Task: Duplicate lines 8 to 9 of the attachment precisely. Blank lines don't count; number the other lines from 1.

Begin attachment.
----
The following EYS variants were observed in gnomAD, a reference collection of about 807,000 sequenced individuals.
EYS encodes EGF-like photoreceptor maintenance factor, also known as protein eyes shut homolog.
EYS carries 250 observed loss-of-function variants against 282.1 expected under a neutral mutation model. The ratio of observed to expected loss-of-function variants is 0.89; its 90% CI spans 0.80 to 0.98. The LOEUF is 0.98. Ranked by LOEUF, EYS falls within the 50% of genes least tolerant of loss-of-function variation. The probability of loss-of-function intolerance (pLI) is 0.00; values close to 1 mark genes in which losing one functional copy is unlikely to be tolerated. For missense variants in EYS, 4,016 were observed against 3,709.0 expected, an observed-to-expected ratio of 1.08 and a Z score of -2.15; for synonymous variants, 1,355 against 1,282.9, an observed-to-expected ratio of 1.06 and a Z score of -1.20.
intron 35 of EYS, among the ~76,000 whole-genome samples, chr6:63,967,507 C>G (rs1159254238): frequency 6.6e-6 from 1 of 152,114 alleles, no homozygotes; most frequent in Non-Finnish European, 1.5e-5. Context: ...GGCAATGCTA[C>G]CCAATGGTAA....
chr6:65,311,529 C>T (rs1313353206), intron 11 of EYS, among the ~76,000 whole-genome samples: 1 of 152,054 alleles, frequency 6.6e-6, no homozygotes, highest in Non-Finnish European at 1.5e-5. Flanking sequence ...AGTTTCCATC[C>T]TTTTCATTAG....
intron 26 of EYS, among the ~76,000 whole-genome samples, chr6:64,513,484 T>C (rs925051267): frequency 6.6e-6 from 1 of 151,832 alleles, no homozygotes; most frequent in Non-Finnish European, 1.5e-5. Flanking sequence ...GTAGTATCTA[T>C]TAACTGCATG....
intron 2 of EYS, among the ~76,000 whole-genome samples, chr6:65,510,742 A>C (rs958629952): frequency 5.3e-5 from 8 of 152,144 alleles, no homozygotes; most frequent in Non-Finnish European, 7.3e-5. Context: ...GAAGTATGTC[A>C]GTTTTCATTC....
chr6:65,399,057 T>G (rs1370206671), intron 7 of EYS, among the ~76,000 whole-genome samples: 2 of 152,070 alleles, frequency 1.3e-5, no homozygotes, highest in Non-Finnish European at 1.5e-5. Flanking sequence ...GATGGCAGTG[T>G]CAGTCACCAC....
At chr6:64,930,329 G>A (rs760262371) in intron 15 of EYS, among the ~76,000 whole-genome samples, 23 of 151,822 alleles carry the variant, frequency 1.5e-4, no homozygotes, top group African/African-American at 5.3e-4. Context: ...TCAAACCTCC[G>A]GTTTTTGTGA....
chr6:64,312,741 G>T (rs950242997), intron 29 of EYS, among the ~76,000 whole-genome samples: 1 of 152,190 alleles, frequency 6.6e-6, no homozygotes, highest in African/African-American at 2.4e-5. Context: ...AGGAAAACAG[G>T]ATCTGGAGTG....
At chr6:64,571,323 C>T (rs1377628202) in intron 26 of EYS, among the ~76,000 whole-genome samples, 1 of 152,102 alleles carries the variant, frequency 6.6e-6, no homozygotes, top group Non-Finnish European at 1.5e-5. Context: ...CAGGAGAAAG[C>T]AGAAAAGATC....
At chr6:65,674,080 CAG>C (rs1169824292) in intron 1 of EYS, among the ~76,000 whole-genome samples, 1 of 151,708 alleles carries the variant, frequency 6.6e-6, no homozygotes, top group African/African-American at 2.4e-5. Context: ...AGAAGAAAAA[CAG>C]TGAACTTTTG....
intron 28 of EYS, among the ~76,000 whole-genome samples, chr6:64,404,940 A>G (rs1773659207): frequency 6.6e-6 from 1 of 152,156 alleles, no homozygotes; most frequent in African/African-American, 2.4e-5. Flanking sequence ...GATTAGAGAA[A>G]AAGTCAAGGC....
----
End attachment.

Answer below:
chr6:65,399,057 T>G (rs1370206671), intron 7 of EYS, among the ~76,000 whole-genome samples: 2 of 152,070 alleles, frequency 1.3e-5, no homozygotes, highest in Non-Finnish European at 1.5e-5. Flanking sequence ...GATGGCAGTG[T>G]CAGTCACCAC....
At chr6:64,930,329 G>A (rs760262371) in intron 15 of EYS, among the ~76,000 whole-genome samples, 23 of 151,822 alleles carry the variant, frequency 1.5e-4, no homozygotes, top group African/African-American at 5.3e-4. Context: ...TCAAACCTCC[G>A]GTTTTTGTGA....